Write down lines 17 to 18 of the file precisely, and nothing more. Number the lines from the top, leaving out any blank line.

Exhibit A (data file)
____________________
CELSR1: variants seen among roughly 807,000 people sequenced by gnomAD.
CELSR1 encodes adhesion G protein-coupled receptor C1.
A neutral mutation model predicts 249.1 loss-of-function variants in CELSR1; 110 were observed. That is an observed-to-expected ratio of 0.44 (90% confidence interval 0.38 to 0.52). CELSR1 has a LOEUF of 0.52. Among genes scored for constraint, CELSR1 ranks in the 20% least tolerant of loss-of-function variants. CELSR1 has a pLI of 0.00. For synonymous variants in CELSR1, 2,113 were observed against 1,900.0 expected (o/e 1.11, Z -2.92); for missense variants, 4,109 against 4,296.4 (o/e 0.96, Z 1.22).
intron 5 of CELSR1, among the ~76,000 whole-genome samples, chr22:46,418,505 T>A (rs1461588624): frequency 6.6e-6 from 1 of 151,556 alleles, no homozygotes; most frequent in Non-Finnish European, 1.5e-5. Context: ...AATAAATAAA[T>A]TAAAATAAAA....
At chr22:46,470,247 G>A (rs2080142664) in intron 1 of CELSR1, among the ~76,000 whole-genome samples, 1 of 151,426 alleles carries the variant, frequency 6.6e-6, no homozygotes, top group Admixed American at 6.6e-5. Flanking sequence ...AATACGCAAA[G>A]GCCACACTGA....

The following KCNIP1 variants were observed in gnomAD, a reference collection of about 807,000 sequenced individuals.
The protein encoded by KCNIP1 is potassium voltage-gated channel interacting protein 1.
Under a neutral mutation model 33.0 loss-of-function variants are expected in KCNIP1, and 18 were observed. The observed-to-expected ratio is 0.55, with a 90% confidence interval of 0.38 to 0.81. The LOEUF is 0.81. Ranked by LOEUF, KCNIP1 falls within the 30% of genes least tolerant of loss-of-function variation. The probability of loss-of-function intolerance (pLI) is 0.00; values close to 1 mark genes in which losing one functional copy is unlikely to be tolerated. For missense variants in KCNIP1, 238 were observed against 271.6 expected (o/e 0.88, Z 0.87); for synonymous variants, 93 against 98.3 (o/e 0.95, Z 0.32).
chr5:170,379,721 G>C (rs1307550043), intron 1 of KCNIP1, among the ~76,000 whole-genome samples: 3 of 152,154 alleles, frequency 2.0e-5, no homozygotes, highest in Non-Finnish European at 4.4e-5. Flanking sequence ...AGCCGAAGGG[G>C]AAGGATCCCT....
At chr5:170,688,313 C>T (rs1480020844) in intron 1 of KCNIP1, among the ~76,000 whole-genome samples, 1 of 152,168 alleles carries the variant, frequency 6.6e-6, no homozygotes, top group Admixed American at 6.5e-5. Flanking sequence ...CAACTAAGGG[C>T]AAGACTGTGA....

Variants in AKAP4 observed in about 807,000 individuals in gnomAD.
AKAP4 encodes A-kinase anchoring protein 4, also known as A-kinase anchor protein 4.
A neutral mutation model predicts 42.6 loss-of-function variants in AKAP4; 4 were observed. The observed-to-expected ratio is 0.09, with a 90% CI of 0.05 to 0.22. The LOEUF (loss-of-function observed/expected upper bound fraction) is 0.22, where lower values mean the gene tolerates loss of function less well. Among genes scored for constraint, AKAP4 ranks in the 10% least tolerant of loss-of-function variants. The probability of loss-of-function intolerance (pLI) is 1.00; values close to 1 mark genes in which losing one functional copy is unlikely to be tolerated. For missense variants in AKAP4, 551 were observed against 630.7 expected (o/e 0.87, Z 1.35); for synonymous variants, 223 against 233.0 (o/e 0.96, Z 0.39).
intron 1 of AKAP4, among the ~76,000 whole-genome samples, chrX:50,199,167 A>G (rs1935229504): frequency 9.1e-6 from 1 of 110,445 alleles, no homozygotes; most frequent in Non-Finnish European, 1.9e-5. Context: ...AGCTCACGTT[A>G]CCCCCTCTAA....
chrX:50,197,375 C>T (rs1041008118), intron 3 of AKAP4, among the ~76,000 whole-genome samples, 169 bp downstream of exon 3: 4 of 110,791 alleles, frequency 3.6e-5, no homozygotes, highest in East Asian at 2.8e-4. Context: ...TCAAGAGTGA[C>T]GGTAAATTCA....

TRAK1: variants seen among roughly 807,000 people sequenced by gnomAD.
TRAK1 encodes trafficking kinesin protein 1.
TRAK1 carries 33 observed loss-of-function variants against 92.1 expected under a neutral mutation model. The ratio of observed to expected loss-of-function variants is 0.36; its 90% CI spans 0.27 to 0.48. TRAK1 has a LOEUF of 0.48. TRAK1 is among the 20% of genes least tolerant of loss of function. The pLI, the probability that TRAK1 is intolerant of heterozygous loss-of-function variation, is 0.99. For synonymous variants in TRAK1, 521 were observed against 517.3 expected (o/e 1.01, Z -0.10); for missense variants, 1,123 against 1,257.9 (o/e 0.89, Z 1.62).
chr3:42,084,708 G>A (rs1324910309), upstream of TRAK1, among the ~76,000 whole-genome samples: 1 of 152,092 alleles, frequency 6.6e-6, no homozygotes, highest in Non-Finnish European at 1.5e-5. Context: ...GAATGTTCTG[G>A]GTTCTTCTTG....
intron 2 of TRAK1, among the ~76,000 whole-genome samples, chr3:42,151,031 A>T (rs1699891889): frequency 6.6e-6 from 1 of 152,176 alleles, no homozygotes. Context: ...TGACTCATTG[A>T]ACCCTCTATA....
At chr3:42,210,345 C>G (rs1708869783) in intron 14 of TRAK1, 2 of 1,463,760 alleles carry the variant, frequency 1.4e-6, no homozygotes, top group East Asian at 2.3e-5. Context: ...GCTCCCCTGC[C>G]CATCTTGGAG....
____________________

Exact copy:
TRAK1 encodes trafficking kinesin protein 1.
TRAK1 carries 33 observed loss-of-function variants against 92.1 expected under a neutral mutation model. The ratio of observed to expected loss-of-function variants is 0.36; its 90% CI spans 0.27 to 0.48. TRAK1 has a LOEUF of 0.48. TRAK1 is among the 20% of genes least tolerant of loss of function. The pLI, the probability that TRAK1 is intolerant of heterozygous loss-of-function variation, is 0.99. For synonymous variants in TRAK1, 521 were observed against 517.3 expected (o/e 1.01, Z -0.10); for missense variants, 1,123 against 1,257.9 (o/e 0.89, Z 1.62).